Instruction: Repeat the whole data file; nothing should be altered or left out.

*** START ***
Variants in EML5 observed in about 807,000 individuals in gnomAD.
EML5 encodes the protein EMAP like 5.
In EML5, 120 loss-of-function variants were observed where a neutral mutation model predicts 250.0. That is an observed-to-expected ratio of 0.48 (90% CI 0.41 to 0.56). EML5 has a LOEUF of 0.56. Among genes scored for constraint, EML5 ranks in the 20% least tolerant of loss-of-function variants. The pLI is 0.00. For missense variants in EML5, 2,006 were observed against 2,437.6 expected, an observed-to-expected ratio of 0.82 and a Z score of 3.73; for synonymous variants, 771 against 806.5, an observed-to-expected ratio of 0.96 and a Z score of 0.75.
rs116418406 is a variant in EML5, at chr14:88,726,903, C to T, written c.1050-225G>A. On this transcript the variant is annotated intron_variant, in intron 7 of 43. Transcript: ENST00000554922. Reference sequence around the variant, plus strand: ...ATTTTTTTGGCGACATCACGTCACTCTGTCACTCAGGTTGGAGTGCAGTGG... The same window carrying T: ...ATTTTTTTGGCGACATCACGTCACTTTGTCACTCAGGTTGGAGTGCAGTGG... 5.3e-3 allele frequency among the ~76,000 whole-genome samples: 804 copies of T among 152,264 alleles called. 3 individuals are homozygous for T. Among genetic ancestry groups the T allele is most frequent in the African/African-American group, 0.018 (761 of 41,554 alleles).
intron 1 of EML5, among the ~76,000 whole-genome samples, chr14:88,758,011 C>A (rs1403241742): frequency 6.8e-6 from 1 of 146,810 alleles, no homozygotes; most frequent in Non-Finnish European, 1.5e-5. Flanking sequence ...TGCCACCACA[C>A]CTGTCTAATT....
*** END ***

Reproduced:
Variants in EML5 observed in about 807,000 individuals in gnomAD.
EML5 encodes the protein EMAP like 5.
In EML5, 120 loss-of-function variants were observed where a neutral mutation model predicts 250.0. That is an observed-to-expected ratio of 0.48 (90% CI 0.41 to 0.56). EML5 has a LOEUF of 0.56. Among genes scored for constraint, EML5 ranks in the 20% least tolerant of loss-of-function variants. The pLI is 0.00. For missense variants in EML5, 2,006 were observed against 2,437.6 expected, an observed-to-expected ratio of 0.82 and a Z score of 3.73; for synonymous variants, 771 against 806.5, an observed-to-expected ratio of 0.96 and a Z score of 0.75.
rs116418406 is a variant in EML5, at chr14:88,726,903, C to T, written c.1050-225G>A. On this transcript the variant is annotated intron_variant, in intron 7 of 43. Transcript: ENST00000554922. Reference sequence around the variant, plus strand: ...ATTTTTTTGGCGACATCACGTCACTCTGTCACTCAGGTTGGAGTGCAGTGG... The same window carrying T: ...ATTTTTTTGGCGACATCACGTCACTTTGTCACTCAGGTTGGAGTGCAGTGG... 5.3e-3 allele frequency among the ~76,000 whole-genome samples: 804 copies of T among 152,264 alleles called. 3 individuals are homozygous for T. Among genetic ancestry groups the T allele is most frequent in the African/African-American group, 0.018 (761 of 41,554 alleles).
intron 1 of EML5, among the ~76,000 whole-genome samples, chr14:88,758,011 C>A (rs1403241742): frequency 6.8e-6 from 1 of 146,810 alleles, no homozygotes; most frequent in Non-Finnish European, 1.5e-5. Flanking sequence ...TGCCACCACA[C>A]CTGTCTAATT....